bosra sham, classic bloodlines, classic success, conquistador cielo, coolmore sires, darshaan, difficulty of winning derby, english derby, female-line descent, galileo, high chaparral, lammtarra, male-line descent, montjeu, nijinsky, northern dancer, pour moi, records of contemporary sires, royal statute, sadler's wells
The following story was published earlier this week at Paulick Report.
Confirming last week’s headline story from Ray’s Paddock (a feature section at http://www.paulickreport.com), Northern Dancer loomed very large over Saturday’s English Derby at Epsom. The winner, Montjeu’s son Pour Moi, is a great-grandson of Northern Dancer descending in male line from the great stallion’s most successful son to spend his entire stud career outside of Kentucky: Sadler’s Wells.
Moreover, Pour Moi also comes in the female line from Northern Dancer’s very high-class daughter Royal Statute, who has become one of the most important producers in the breed for classic quality. In terms of classic bloodlines, Pour Moi’s first three dams are Gwynn (by French Derby winner Darshaan), Victoress (by Belmont Stakes winner Conquistador Cielo), and Royal Statute (by Kentucky Derby and Preakness winner Northern Dancer).
Those are serious classic credentials, and in addition to important classic winners and sires in the female line, this is the family of such classic stars as Bosra Sham, Hector Protector, and Lammtarra.
Statistics about the male line of the English Derby winner grab headlines, and well they might. Northern Dancer sired three Derby winners at Epsom (Nijinsky, The Minstrel, and Secreto). That is the contemporary record for winners of the English Derby, which Northern Dancer shares with his son Nijinsky (Golden Fleece, Shahrastani, and Lammtarra) and now Montjeu (Authorized and Motivator, added now to Pour Moi).
That statistic is very interesting for a couple of reasons. For one thing, Montjeu’s all-conquering sire Sadler’s Wells is not on the list with three winners or more. Although a handy horse with speed, Sadler’s Wells got a lot of rangy and rather lanky types who, year after year, found one horse or two just a bit too good for them at Epsom.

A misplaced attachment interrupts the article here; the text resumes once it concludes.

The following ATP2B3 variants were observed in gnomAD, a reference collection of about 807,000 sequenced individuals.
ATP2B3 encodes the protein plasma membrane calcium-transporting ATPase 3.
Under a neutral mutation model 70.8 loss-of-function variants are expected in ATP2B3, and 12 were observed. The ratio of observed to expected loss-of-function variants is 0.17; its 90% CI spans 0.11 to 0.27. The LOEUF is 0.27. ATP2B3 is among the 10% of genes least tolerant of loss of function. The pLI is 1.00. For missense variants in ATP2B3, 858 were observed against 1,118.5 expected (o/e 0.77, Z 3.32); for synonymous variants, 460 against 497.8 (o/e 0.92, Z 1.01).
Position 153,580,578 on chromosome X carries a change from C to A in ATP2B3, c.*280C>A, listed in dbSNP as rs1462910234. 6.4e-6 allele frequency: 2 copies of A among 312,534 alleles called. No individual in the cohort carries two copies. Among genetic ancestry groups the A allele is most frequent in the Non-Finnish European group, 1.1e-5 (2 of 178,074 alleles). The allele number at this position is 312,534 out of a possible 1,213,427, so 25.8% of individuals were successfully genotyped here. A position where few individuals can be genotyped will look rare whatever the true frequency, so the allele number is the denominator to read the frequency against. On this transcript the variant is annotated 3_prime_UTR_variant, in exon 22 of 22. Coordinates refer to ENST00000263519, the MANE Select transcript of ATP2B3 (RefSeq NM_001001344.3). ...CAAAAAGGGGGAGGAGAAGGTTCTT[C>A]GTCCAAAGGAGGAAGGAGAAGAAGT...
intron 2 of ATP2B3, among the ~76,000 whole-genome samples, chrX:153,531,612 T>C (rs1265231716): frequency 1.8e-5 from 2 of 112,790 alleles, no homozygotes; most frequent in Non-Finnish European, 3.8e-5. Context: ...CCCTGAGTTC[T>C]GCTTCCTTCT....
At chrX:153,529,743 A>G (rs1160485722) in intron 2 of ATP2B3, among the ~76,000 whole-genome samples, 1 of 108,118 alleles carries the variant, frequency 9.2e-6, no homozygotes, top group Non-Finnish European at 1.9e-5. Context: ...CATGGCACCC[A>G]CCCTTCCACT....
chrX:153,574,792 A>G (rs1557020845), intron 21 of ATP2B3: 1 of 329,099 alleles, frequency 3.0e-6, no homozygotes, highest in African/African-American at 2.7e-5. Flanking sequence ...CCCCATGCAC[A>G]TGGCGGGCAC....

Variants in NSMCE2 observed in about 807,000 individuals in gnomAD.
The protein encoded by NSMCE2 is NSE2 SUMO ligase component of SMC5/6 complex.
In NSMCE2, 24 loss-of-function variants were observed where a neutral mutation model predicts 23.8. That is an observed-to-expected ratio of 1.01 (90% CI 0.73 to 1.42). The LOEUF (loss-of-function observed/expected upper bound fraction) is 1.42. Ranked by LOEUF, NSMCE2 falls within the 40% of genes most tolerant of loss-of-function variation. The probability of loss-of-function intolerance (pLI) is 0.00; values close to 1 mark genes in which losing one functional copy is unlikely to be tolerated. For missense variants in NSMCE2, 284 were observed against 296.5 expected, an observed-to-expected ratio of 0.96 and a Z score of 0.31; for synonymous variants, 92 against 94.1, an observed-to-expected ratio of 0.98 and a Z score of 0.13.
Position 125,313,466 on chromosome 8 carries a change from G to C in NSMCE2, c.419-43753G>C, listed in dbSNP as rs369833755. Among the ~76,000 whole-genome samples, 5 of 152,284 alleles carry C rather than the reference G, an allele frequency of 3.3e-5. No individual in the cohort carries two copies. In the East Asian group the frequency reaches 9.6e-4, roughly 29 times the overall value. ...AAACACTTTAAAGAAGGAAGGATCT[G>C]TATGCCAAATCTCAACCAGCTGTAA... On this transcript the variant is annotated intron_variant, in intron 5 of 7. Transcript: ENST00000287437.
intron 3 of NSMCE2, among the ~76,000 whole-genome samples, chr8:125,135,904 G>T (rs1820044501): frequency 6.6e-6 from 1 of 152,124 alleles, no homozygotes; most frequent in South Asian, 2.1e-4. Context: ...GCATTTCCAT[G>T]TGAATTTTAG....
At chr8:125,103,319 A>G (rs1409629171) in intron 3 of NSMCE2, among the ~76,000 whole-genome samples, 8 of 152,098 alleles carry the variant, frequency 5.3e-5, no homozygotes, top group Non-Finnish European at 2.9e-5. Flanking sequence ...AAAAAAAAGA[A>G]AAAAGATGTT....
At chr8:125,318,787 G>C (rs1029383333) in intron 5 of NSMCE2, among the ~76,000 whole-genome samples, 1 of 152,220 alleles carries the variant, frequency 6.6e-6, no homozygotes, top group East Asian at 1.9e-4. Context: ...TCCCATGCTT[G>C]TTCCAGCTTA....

In fact, for many years, it appeared that Sadler’s Wells might never break the apparent jinx that Epsom’s turns and gradients exercised over his offspring, and the great stallion left it late in his career before getting his first English Derby winner. That longed-for winner was nothing less than Galileo in 2001, when Sadler’s Wells was 20. Then High Chaparral came along the next year to make siring back-to-back Derby winners seem rather easy.
It had not been, and getting the winner at Epsom is never easy.
Prior to Galileo, numerous sons of Sadler’s Wells had gone into the big event with very good credentials and form, yet had finished no better than second or third. It was widely being said that Sadler’s Wells “gets a lot of really good horses but doesn’t get the real killer who can win at Epsom.”
And it is noteworthy that Montjeu, two years before Galileo, was sent to race for the Derbys at Chantilly and the Curragh (winning both) but not to Epsom.
The late 1990s also were the period when many breeders in Europe were criticizing Sadler’s Wells as a sire of stallions, and that is the second point of interest about the list of contemporary sires of English Derby winners. The great sire’s sons to that time had not become anything like as successful as their sire at stud.
And when breeders begin to get cold feet about a sire’s capacity for siring the supreme champions and about getting the next generation’s breeding stock, it is bad news. Because those breeders will also take their premium mares elsewhere.
But then Montjeu, Galileo, and High Chaparral began to erase those niggling doubts. And now Montjeu and his fellow star at Coolmore, Galileo, are firmly entrenched as the two best classic stallions in Europe. This year, the first two home in the English Derby were Pour Moi and Treasure Beach (by Galileo).
For these and numerous other successes, Sadler’s Wells is lauded as one of the pre-eminent sires of stallions on both sides of the Atlantic, with El Prado and his sons Medaglia d’Oro and Kitten’s Joy doing good work here in the States.
How things can change in the span of a decade.